You mentioned boats and sailing. Gee, we got rivers and the bay and even some ocean off Long Island but I don’t get to sail much. I go on the ferry to Staten Island ever so often, and I like that. Yes, I will certainly remember you the next time I go! I really appreciate getting your letter. I bet no other kid in New York has got one like it! I told my dad about it and he said, “Scram, I ain’t got time for fairy tales.” He’s like that when he’s watching the World Series. He doesn’t listen to any of us when he’s engroussed in a game! Dad thought I said “Poo the fairy” or something like that. But I think he’d like it that you wrote to me after you read my letter. I sure wish you would have put in it though how you got it in the mail! Now that would be a story I could share with my whole school--maybe even the papers! I can see the headlines now: G.S. 66 KID RECEIVES LETTER FROM DISTANT FUTURE. Then under that you could read how I wrote the letter back in 1967 and it got first place and was put in the Westinghouse Time Capsule by Robert Moses himself, and then four years later here I get a response, right out of the blue! I’m glad I didn’t have to wait thousands of years like they set it up. It sure beats anything I got at last Christmas! So, thanks! Thanks a lot, Ipu!

Your friend in the Big Apple,

Jonathan H. Thompkins


Dear Boy Thompkins:

I shall use your style of writing--if I am able. I have studied your letter’s speech and practiced very hard. You wondered how I could write to you, since I am in your future. Do not trouble your brow. It is no more strange than the truth, that we are all swimming in the same great River, the Stream of Time. That River cannot be broken, it is one thing from beginning to end. Yet we see only the part we are in and say that is all that can be. Now that is strange, don’t you think? I was told I must make my letter shorter. This time I will. I am glad your father is happy with his new tasks. My “boss” was not so good as yours. He was “screwed up,” as you say. I had to run away or he would have killed me. I should never have gone down there during the troubles and worked for him. He tried, but heaven helped me escape from him. They beat me, but they did not kill my spirit. I am better now. I live back in the northern city near my old home where the priests of Nathasta have no power to reach out and smite me.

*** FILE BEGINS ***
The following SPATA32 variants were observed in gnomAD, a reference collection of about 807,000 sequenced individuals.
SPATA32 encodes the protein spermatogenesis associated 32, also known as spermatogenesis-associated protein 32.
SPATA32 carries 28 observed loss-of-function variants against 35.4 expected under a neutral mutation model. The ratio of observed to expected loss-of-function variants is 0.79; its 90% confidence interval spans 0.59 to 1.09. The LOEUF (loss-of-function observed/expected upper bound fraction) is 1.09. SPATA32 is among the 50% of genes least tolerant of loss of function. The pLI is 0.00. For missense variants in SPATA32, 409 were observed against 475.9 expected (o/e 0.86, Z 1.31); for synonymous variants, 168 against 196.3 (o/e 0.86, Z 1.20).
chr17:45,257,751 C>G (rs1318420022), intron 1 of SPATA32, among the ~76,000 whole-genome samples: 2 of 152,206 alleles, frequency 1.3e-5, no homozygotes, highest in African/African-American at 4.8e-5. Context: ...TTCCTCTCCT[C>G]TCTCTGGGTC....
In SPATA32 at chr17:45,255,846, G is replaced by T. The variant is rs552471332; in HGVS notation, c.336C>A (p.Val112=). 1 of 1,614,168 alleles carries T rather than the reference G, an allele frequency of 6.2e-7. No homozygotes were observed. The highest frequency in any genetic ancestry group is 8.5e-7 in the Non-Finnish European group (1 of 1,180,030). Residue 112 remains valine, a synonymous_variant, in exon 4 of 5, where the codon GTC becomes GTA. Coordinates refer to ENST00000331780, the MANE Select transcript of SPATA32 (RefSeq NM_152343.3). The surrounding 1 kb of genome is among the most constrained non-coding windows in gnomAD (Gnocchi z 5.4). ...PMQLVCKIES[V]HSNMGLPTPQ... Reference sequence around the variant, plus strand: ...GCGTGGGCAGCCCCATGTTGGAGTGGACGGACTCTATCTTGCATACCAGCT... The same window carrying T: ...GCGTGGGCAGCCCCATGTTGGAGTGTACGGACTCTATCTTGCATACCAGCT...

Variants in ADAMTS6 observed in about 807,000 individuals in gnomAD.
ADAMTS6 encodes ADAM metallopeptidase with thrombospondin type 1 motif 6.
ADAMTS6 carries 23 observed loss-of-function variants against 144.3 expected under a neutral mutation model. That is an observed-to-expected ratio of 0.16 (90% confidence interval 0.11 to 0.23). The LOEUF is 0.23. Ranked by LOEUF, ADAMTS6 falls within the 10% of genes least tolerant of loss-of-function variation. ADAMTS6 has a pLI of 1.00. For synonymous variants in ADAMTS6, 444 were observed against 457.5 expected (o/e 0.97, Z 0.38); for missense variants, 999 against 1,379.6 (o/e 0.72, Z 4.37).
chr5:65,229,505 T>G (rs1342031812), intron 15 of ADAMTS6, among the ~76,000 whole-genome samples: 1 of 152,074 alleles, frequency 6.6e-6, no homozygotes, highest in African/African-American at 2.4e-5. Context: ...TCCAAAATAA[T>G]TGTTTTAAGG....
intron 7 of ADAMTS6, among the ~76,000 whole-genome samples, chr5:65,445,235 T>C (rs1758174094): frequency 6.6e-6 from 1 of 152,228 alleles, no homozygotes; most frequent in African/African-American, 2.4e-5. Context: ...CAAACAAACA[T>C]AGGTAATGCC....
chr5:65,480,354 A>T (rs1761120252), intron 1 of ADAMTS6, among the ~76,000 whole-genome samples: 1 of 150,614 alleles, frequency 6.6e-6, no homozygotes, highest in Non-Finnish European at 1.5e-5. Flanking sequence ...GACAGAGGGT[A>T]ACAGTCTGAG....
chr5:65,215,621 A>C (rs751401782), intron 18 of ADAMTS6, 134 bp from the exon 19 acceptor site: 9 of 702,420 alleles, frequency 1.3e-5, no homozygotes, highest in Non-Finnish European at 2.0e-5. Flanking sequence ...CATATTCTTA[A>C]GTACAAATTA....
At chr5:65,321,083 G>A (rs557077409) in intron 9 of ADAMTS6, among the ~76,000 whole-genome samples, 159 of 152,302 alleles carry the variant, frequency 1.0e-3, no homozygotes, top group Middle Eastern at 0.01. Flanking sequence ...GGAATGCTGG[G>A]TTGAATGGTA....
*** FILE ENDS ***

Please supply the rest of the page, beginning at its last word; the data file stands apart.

Our two rulers are no longer fighting like matched cobras up and down the land with their armies. One king died, and the other is per-aa. He has a Grand Taty who is much better than he is. People say good things about him, even if he is not one of our people. We are waiting eagerly to see him when he comes for a visit. He is a dreamer, they say. He dreamed how it will be for our country in the years ahead. We will have seven years of plenty, then seven years of very poor crops or no crops at all. He has told us all this now so that something can be done. I have never heard of such a thing before. Have you? But if the Years of the Hyena come, we will be better prepared. They say he will build many, big granaries throughout the land, and we will all eat out of them when the time comes. So you see why we want to see this man when he comes.

I must go. My health is not so good. But that is to be expected at my age. Again, Farewell!


Dear Ipu:

The mail service is, like I told you, not so hot nowadays. It’s getting worse. I had to wait nine whole to years this time to hear from you! I’m grown-up now, a man. You need not call me “boy” because I am one no longer. Please draw a map and show me your country. I wonder sometimes if we are talking about the same part of the world. And I’m reading those papers you sent that the princess wrote out for you from what she remembered...


Dear Young Man Thompkins:

The Grand Taty came. We were very happy. I never saw the people of my country so happy before. He is young and handsome, but his words are wiser than any wizard’s! We knew when he spoke that he was bearing the good of our land in his heart. Do you have leaders like him? We are very fortunate, after all the evils and wickedness we have suffered in the past. Hard Years of the Hyena may come as he says, but we are not afraid now. If only the other countries had such a man over them! But they do not! And they are sinking to ruin and fighting each other. They do not know we all face one enemy. It is not seen by any man. It comes from the deeps of the stars. Nothing has happened since the second, much brighter Moon appeared in the heavens, but yet we must be on our guard.